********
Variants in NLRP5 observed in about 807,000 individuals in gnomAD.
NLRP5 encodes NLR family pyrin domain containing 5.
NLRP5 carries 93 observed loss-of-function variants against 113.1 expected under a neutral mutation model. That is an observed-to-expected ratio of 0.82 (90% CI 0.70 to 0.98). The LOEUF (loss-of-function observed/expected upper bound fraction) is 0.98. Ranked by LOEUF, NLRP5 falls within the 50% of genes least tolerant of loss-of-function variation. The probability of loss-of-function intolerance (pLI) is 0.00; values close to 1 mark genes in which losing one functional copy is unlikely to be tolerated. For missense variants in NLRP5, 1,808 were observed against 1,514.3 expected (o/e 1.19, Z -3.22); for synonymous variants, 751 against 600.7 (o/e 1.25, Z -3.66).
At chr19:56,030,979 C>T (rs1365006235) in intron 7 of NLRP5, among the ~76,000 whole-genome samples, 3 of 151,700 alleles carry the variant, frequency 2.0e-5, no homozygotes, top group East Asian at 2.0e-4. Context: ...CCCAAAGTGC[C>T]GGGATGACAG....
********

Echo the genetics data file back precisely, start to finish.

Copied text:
Variants in NLRP5 observed in about 807,000 individuals in gnomAD.
NLRP5 encodes NLR family pyrin domain containing 5.
NLRP5 carries 93 observed loss-of-function variants against 113.1 expected under a neutral mutation model. That is an observed-to-expected ratio of 0.82 (90% CI 0.70 to 0.98). The LOEUF (loss-of-function observed/expected upper bound fraction) is 0.98. Ranked by LOEUF, NLRP5 falls within the 50% of genes least tolerant of loss-of-function variation. The probability of loss-of-function intolerance (pLI) is 0.00; values close to 1 mark genes in which losing one functional copy is unlikely to be tolerated. For missense variants in NLRP5, 1,808 were observed against 1,514.3 expected (o/e 1.19, Z -3.22); for synonymous variants, 751 against 600.7 (o/e 1.25, Z -3.66).
At chr19:56,030,979 C>T (rs1365006235) in intron 7 of NLRP5, among the ~76,000 whole-genome samples, 3 of 151,700 alleles carry the variant, frequency 2.0e-5, no homozygotes, top group East Asian at 2.0e-4. Context: ...CCCAAAGTGC[C>T]GGGATGACAG....